A capacitor 34 includes a first electrode (lower electrode) 34 mounted on the mounting member 50, a second electrode (upper electrode) 34B arranged opposite the first electrodes 34A, and a ferroelectric film 34C serving as a pyroelectric material is arranged between the first and second electrodes 34A and 34B. The first electrode 34A is connected to the wiring layer 82 and the second electrode 34B is connected to the wiring layer 84. The capacitor 34 undergoes spontaneous polarization based on heating caused by infrared radiation and the infrared radiation is detected by extracting an electric charge caused by the spontaneous polarization. Examples of an infrared detecting method include a method of using a mechanical chopper to intermittently interrupt the infrared radiation and detecting a resulting alternating electric polarization phenomenon, and a method of applying a voltage polarized to pull a surface charge in opposition to the spontaneous electric poles and detecting a voltage change across the capacitor occurring in response to the pulled charge after the voltage application is stopped.

A side face and a top face of the capacitor 34 are covered by an electrically insulating film 38 with a hydrogen barrier film 36 in-between for preventing degradation caused by reduction of the ferroelectric film 34C. The infrared absorbing film 32 is formed to cover the electrically insulating film 38. A contact hole (opening) is formed through the hydrogen barrier film 36 and the insulating film 38, and a plug (electrode contact) 90 is embedded in the contact hole. The wiring layer 84 is connected to the second electrode 34B through the plug 90.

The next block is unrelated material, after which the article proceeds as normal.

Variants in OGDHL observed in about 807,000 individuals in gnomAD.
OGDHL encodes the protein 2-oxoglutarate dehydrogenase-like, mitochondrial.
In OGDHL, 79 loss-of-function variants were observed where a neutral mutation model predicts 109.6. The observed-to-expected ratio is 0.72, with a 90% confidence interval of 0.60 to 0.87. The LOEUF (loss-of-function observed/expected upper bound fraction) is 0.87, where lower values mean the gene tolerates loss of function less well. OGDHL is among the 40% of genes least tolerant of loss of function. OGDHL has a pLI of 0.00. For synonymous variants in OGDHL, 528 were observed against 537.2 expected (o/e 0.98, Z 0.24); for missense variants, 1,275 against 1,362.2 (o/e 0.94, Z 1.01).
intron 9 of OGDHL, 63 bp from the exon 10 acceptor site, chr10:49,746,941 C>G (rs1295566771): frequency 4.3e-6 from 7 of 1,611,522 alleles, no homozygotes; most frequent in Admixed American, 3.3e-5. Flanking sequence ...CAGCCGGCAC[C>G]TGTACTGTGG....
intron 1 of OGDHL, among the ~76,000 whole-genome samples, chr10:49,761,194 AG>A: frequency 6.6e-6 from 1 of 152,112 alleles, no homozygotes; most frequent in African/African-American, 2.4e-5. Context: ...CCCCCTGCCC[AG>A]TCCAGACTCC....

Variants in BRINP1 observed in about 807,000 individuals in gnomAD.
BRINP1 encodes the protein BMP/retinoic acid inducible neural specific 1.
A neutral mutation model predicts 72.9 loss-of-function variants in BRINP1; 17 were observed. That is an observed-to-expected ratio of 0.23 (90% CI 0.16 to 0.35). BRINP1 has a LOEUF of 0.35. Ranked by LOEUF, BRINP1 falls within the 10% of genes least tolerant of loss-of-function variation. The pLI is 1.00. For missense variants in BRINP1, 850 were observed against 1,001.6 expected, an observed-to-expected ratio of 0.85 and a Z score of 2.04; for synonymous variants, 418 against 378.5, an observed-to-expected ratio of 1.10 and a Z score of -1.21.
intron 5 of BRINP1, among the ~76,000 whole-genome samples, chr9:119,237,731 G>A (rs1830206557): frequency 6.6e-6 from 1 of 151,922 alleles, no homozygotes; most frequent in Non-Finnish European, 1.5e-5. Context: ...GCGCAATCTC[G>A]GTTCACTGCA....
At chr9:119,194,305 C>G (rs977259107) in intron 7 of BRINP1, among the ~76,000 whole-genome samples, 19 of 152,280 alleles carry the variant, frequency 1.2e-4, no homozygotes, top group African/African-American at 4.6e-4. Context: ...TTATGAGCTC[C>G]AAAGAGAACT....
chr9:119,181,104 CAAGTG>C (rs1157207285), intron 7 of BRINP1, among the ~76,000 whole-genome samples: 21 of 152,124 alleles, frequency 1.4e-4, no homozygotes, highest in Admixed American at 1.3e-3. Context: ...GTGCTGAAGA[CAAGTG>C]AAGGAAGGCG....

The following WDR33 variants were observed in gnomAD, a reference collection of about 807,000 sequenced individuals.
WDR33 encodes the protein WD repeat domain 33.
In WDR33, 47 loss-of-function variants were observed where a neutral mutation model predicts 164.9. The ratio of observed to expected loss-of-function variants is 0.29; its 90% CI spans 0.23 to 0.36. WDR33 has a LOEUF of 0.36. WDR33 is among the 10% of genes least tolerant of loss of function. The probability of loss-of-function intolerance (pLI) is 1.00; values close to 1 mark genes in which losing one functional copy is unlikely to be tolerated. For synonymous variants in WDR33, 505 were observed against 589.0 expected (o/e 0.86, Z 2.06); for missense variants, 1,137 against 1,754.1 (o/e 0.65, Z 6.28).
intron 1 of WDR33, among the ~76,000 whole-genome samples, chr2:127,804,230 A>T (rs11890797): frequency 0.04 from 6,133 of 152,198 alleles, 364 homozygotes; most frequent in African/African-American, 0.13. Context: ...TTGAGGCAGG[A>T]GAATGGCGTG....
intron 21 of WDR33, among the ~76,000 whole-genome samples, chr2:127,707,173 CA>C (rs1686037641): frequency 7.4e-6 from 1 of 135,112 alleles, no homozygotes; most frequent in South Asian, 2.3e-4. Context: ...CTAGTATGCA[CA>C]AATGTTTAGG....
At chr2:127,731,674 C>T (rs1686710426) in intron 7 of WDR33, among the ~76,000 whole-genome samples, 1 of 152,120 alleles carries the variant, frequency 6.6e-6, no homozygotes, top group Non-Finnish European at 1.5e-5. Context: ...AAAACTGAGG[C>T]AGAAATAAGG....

The outer surfaces of the infrared detector 10A, which include the infrared absorbing film 32, the support member 40, the wiring layer 80, can be covered with an upper protective film (not shown in the figures) that functions as a mask layer during a manufacturing process in which a sacrificial layer is etched in order to form the hollow section 70. Similarly, a lower protective film (not shown) can be provided on a surface of the substrate 20 that faces the hollow section 70.

1.2. Arm and Wiring Structure of Infrared Detector

In this embodiment, the two arms 60 are arranged in a point symmetrical fashion and have the same shape. Thus, in the explanations that follow, the singular term “arm 60” is used to explain both arms. The arm 60 includes an arm base end section 62 that is connected to a connecting side 62A of the mounting member 50 and an arm body section 64 that extends along an outer contour of the mounting member 50 from the arm base end section 62.